Perhaps someone could send a copy Of the Water Babies to the General.Secretary of the U.N. or, perhaps he  could borrow Mrs Gaddafi's copy.

Sunday, 2 October 2011

Call to scrap the Human Rights Act

Home Secretary Theresa May, has called for the Human Rights Act to be scrapped. Her interview with the Telegraph newspaper on the Third of  October  is nicely timed to coincide with the start of the Conservative Party Conference  this week and is bound to upset its  Liberal Democrat Coalition partner which, during its recent Party conference announced that the Act was here to stay.  The Human Rights Act though, will not be scrapped even under Conservative government.  It has been with us for so long now it is part of our heritage;and, it is not as though the act was conferring rights of persecution, tyranny, or mayhem. It is meant to provide protection from these things for the most vulnerable. Whether or not it succeeds in this and whether or not it can be improved is open to debate. That it is open to abuse is what seems to be  the driver of calls for it to be scrapped. But let's not throw out the baby with the bath water. To scrap it and replace it with a specifically British Act will, I suspect still provide loopholes for clever lawyers and immoral claimants. People who do not understand, or lack a sense of the spirit in which something is devised will always use the 'letter of the law' so to speak, to advance their own interests. So, it seems to me that what is needed is a reappraisal of the way the act is understood and why it came into existence.

 Take the Right of Family Life for instance, which seems to be  causing most consternation presently. Like many other Articles of the Act it came about from the experiences of the Second World War and in particular, the war waged against minority civilian groups for no other reason than their race or ethnicity. Bans on marriage between certain groups of people, sterilisation e.t.c. forced population transfers, all combined to destroy families and to make that most personal of decisions, who to marry, how many children, how to raise them, subject to political ideology based on a set of race laws. Who would not want to protect people from this.?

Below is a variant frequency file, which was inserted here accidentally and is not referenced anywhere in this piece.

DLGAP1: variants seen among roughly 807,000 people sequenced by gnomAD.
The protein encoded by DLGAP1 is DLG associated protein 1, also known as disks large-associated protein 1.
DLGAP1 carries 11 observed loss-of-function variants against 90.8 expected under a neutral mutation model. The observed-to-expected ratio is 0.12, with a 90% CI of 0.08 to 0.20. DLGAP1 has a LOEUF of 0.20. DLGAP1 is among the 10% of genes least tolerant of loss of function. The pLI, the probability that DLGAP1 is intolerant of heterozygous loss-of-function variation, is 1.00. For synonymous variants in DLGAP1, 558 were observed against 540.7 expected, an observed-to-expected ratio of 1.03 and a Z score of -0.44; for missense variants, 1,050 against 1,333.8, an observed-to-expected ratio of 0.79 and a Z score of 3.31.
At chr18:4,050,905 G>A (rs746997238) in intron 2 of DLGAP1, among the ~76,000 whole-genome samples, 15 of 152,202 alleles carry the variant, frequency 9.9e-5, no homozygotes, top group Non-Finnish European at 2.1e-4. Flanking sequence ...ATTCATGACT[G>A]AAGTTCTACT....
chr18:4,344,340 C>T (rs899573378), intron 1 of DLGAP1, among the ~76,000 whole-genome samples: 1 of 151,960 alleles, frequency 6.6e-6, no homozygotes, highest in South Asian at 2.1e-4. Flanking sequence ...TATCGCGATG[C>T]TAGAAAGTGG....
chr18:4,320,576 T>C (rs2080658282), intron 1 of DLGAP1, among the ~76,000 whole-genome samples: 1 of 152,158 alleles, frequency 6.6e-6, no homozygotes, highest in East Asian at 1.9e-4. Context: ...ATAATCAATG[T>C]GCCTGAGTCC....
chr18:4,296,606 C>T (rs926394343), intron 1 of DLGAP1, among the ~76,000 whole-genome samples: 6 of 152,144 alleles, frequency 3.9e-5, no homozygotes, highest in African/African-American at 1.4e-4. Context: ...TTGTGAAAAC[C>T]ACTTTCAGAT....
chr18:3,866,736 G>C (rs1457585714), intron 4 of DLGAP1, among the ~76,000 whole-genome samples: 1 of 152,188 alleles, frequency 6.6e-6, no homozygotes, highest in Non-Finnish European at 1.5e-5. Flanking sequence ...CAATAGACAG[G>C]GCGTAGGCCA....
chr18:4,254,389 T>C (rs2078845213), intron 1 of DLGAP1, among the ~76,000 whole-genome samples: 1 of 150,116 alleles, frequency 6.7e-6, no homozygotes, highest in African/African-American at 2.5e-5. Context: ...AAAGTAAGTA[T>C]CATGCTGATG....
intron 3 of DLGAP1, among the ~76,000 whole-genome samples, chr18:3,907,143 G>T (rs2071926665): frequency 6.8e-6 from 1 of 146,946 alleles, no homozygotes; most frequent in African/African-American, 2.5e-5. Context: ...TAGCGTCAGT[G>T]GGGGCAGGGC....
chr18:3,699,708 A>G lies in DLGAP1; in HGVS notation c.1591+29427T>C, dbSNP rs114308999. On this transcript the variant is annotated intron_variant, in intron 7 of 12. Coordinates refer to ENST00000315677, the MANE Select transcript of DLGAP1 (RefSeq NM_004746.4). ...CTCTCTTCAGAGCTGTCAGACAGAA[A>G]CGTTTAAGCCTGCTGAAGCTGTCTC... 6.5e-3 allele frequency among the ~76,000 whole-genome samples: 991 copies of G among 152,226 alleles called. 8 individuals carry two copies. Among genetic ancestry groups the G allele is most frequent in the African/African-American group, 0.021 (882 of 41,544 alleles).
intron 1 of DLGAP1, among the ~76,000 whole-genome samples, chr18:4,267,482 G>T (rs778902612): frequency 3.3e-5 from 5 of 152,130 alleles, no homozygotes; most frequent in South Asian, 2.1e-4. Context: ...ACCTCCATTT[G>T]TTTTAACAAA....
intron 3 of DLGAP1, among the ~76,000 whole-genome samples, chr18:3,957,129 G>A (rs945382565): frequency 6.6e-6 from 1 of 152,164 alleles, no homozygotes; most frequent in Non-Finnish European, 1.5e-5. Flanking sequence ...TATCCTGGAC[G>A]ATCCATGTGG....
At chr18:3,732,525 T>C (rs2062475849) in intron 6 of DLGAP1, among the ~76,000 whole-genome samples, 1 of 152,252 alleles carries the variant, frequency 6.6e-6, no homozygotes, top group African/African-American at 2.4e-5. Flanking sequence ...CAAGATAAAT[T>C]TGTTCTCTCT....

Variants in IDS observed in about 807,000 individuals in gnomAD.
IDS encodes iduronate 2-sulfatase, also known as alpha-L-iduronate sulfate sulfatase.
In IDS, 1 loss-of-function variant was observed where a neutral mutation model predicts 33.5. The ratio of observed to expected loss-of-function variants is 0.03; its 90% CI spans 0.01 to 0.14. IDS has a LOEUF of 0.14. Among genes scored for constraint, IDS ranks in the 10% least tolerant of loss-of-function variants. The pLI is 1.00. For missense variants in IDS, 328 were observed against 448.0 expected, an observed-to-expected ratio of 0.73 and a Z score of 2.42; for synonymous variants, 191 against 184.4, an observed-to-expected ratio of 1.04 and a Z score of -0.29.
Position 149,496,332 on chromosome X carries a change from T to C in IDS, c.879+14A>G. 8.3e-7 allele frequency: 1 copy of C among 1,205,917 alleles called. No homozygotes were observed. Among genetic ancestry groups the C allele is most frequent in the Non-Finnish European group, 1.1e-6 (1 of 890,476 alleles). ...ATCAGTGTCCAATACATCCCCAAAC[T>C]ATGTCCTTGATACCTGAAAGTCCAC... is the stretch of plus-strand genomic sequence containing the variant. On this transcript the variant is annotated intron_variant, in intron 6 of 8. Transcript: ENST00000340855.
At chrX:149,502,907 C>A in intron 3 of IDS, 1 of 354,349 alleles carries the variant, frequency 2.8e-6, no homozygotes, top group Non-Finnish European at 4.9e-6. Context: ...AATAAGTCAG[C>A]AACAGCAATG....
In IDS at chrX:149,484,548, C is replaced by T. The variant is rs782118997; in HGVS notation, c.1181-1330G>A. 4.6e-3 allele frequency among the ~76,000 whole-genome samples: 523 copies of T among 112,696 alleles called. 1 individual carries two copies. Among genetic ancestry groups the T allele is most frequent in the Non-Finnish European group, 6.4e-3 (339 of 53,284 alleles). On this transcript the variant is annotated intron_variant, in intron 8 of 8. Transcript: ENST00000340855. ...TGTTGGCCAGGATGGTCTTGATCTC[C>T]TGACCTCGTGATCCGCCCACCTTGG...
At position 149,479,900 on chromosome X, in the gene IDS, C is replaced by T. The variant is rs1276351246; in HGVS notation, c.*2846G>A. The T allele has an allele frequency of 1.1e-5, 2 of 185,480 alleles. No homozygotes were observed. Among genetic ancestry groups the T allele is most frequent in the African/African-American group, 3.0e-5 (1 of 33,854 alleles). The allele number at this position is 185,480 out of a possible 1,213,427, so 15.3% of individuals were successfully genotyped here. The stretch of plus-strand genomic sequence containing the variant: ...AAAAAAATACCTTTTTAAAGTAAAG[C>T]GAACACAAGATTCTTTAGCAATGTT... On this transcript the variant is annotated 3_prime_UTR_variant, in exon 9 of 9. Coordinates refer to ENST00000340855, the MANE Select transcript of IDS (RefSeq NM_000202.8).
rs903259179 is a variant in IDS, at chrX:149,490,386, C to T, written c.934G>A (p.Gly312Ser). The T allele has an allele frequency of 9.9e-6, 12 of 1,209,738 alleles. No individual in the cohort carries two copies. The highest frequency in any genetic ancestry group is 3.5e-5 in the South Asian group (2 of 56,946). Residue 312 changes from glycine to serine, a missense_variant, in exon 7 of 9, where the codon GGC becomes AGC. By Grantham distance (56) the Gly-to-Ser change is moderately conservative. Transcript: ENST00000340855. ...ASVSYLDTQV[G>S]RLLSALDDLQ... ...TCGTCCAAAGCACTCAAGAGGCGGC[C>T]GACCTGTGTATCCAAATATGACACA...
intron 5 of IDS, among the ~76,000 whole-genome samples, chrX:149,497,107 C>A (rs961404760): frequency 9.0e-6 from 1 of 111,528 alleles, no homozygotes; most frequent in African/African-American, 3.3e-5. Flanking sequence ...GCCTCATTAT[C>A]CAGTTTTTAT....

However, interpretation of this Act seems now to be extended with success, to protect the family life of non British Nationals who are, not only not subject to any kind  government tyranny, but are themselves criminals and have wrought a tyranny of a sorts on their victims and their families. Apparently it isn't always possible to deport non- national criminals because it would mean the break-up of his or her family life. This seems  about as far from the intention of the framers of the Act as you could possibly get. The Act does not provide for an absolute right, no rights are absolute, they are always conditional on you not having caused or contributed to your situation. Every day people are separated from their families and  sent to prison. Not because of who or what they are but because of what they have done.We have to be able to discriminate between those who fit the terms of the Act  i.e the innocent, and those who are not. And as long as the break-up of a person's family is a consequence of the person's own illegal actions and the rules on deportation are followed correctly then we have not only a right to deport but also a duty. If we do not, we risk watering down the Act so much that we kill the spirit of it. Once we do that it simply becomes a vehicle for criminals to avoid justice in the pursuit of personal gain. I for one would not want that to be our legacy to all those who suffered for the Act to be needed in the first place. Let us pay them, and the Act a little more respect